EU nominee for climate chief wants global fossil fuel taxes

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The EU nominee for climate chief has proposed taxing fossil fuels on a global basis, including those used by the airline and shipping industries, so as to provide money for a fund to help developing countries suffering from carbon pollution.

Wopke Hoekstra, the former Dutch foreign minister, told a confirmation hearing with EU lawmakers on Monday that he would try to unlock international talks about the planned “loss and damage” fund by suggesting raising money for it through fuel levies.

International agreements exempt global transport from fuel taxes, although the EU emissions trading scheme covers aviation and will be extended to shipping next year.

“I want to explore an international kerosene tax, a maritime levy, a fossil fuels tax, even a share of [the EU emissions trading scheme] proceeds — no stone should be left unturned,” Hoekstra said in evidence to the European parliament’s environment committee. 

The EU scheme obliges businesses to pay to emit carbon dioxide, with the revenues — more than €25bn is raised annually — mainly going to member state budgets. Hoekstra said the revenues would increase “exponentially”. 

Bas Eickhout, a Dutch Green MEP, questioned Hoekstra’s “credibility” on fuel taxes because such decisions require unanimity among EU countries. “Any individual member state can block that,” he told the environment committee.

Jutta Paulus, a German Green MEP, said after the hearing: “Hoekstra knows very well that an agreement on any global tax would be either insubstantial or delayed or both.”

The nomination of Hoekstra as EU climate commissioner follows the departure of the previous holder of the post, Frans Timmermans, to run in Dutch elections in November. 

Hoekstra, a centre right politician who has been criticised by some MEPs for his time working for oil company Shell, promised “continuity, ambition and outreach”. 

But the change of EU commissioner comes at a delicate time for the bloc as it faces resistance to its green agenda from industry and conservative politicians, and just weeks before the UN COP28 climate summit. The EU is traditionally one of the most ambitious negotiators at the UN events.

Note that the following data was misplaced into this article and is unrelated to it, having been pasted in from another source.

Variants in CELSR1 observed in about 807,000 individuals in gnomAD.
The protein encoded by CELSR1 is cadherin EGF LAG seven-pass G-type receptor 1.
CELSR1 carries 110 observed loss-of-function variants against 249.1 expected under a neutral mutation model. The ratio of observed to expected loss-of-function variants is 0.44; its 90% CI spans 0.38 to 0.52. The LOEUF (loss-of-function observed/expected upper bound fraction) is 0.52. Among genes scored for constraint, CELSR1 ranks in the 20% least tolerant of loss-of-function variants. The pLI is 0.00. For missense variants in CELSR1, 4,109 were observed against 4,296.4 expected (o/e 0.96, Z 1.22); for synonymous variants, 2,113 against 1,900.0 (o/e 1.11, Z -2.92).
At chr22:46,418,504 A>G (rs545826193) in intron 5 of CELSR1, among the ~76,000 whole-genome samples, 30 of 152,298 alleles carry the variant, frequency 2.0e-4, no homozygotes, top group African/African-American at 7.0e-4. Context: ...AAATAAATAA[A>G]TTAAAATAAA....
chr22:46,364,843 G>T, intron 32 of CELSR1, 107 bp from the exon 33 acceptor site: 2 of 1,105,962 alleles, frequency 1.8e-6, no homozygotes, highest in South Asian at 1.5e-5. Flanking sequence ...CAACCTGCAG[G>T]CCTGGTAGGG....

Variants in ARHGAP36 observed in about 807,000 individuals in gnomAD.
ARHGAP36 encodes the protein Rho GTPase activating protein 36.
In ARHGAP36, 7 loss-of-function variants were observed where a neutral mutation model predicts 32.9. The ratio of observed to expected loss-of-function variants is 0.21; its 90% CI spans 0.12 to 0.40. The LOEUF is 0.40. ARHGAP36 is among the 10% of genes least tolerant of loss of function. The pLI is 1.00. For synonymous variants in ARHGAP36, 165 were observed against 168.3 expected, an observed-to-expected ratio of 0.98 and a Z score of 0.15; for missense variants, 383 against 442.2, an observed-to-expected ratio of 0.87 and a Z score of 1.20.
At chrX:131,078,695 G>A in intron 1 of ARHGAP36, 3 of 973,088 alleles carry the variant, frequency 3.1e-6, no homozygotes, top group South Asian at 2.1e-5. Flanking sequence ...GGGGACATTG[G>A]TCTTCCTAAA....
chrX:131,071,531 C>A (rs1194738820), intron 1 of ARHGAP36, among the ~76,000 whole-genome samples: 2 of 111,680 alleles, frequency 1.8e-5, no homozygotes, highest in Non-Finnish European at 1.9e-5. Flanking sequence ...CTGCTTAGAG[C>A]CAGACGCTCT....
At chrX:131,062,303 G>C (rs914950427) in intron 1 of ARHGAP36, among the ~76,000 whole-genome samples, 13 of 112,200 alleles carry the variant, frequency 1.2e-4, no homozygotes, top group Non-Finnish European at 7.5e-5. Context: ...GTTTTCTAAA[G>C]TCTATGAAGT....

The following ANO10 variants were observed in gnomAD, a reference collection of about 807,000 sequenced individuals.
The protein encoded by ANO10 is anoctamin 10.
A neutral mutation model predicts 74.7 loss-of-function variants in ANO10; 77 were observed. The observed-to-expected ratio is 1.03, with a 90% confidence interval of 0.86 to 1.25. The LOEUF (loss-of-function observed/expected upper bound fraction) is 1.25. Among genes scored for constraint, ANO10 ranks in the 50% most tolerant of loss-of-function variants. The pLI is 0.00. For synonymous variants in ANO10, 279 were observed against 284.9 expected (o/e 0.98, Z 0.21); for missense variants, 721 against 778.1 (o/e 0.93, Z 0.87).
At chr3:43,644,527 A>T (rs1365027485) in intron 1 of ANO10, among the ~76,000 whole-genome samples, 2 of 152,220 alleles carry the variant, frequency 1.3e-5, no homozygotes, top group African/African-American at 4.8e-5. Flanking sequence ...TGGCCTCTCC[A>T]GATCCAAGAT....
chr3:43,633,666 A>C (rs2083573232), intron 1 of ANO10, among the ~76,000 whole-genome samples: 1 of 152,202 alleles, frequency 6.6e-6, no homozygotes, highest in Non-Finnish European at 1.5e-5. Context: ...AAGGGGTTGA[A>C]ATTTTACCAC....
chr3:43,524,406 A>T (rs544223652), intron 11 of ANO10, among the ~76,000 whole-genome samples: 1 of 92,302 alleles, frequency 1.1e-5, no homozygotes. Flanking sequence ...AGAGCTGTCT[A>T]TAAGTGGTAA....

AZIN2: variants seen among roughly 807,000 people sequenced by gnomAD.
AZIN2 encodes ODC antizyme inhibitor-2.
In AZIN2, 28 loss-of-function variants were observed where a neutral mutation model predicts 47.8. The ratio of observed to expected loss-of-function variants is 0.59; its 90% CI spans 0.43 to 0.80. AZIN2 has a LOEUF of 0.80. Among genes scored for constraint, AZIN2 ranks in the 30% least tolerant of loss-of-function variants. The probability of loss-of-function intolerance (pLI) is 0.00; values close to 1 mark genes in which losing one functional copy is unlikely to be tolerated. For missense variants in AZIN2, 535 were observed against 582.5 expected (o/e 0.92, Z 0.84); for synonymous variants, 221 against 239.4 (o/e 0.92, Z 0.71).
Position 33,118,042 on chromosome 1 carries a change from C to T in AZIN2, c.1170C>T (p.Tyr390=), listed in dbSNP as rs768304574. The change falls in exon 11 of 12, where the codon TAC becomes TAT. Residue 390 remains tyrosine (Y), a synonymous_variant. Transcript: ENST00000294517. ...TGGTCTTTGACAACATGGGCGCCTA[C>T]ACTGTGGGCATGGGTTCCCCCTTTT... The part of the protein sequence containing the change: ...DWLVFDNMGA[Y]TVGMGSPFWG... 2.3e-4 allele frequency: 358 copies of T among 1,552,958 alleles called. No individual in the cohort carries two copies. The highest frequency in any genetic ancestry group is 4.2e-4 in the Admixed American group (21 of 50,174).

International talks over the size and format of the proposed loss and damage fund have been fraught since the concept was first agreed at the UN COP27 climate summit in Sharm-el-Sheikh last year.

Officials are pushing to agree a structure for the fund before the COP28 summit in December, but divisions over whether it should be overseen by one of the multilateral development banks or exist as a standalone entity, and where the money should come from, have caused gridlock in the talks. 

Western nations, which developing countries say should shoulder the responsibility of paying for climate change, have said the fund should not be treated as an “ATM” that states can tap for compensation for damage resulting from carbon pollution, according to officials involved in the talks.

US and EU officials are aiming to establish a targeted fund that addresses specific climate risks, and people close to the talks said that there had been some progress in recent weeks.

In written evidence ahead of the confirmation hearing, Hoekstra said the decision to establish “loss and damage funding arrangements, including a fund, was a historic milestone” but that “one fund on its own will not be the silver bullet”.

He also said finance should come from “all countries that are in a position to provide support”, a veiled reference to western nations pushing China and Gulf states to pay into the fund despite their status as developing countries.

Hoekstra apologised to the environment committee for blocking for several months the establishment of an EU fund to support poorer member states when he was Dutch finance minister during the Covid pandemic. “I showed insufficient regard for the difficulties faced by some member states,” he said. 

If two-thirds of the committee’s members supports Hoekstra’s nomination, the parliament will vote on Thursday.

Although its opinion is only advisory, European Commission president Ursula von der Leyen is expected to accept parliament’s view.

A petition by campaigners against Hoekstra’s appointment as EU climate commissioner has attracted more than 104,000 signatures.

Hoekstra has been criticised for, while Dutch finance minister, approving a multi billion euro bailout of the airline KLM during the pandemic without stipulating that it cut emissions.

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